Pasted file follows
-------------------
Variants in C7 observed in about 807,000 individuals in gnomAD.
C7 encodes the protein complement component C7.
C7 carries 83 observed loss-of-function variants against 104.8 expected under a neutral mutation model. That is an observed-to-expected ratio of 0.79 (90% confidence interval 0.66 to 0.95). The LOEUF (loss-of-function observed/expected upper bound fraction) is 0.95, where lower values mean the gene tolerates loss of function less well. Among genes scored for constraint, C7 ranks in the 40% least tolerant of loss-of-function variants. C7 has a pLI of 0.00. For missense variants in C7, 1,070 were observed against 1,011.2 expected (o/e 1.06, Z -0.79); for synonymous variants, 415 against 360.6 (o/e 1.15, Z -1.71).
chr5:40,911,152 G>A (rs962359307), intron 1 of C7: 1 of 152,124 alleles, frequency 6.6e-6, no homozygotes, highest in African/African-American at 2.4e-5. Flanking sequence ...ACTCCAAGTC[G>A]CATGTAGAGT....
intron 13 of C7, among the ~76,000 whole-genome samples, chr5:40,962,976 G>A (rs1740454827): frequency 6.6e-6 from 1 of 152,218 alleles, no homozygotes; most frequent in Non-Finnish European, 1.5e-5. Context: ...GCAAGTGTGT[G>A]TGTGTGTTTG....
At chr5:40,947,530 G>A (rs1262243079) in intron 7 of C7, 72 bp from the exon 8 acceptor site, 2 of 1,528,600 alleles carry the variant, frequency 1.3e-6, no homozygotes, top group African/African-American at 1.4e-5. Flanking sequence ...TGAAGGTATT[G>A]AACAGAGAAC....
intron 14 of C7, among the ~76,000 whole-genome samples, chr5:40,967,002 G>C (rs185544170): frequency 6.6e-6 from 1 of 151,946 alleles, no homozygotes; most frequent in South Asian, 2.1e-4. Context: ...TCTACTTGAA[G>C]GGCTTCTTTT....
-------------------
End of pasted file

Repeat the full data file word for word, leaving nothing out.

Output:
Variants in C7 observed in about 807,000 individuals in gnomAD.
C7 encodes the protein complement component C7.
C7 carries 83 observed loss-of-function variants against 104.8 expected under a neutral mutation model. That is an observed-to-expected ratio of 0.79 (90% confidence interval 0.66 to 0.95). The LOEUF (loss-of-function observed/expected upper bound fraction) is 0.95, where lower values mean the gene tolerates loss of function less well. Among genes scored for constraint, C7 ranks in the 40% least tolerant of loss-of-function variants. C7 has a pLI of 0.00. For missense variants in C7, 1,070 were observed against 1,011.2 expected (o/e 1.06, Z -0.79); for synonymous variants, 415 against 360.6 (o/e 1.15, Z -1.71).
chr5:40,911,152 G>A (rs962359307), intron 1 of C7: 1 of 152,124 alleles, frequency 6.6e-6, no homozygotes, highest in African/African-American at 2.4e-5. Flanking sequence ...ACTCCAAGTC[G>A]CATGTAGAGT....
intron 13 of C7, among the ~76,000 whole-genome samples, chr5:40,962,976 G>A (rs1740454827): frequency 6.6e-6 from 1 of 152,218 alleles, no homozygotes; most frequent in Non-Finnish European, 1.5e-5. Context: ...GCAAGTGTGT[G>A]TGTGTGTTTG....
At chr5:40,947,530 G>A (rs1262243079) in intron 7 of C7, 72 bp from the exon 8 acceptor site, 2 of 1,528,600 alleles carry the variant, frequency 1.3e-6, no homozygotes, top group African/African-American at 1.4e-5. Flanking sequence ...TGAAGGTATT[G>A]AACAGAGAAC....
intron 14 of C7, among the ~76,000 whole-genome samples, chr5:40,967,002 G>C (rs185544170): frequency 6.6e-6 from 1 of 151,946 alleles, no homozygotes; most frequent in South Asian, 2.1e-4. Context: ...TCTACTTGAA[G>C]GGCTTCTTTT....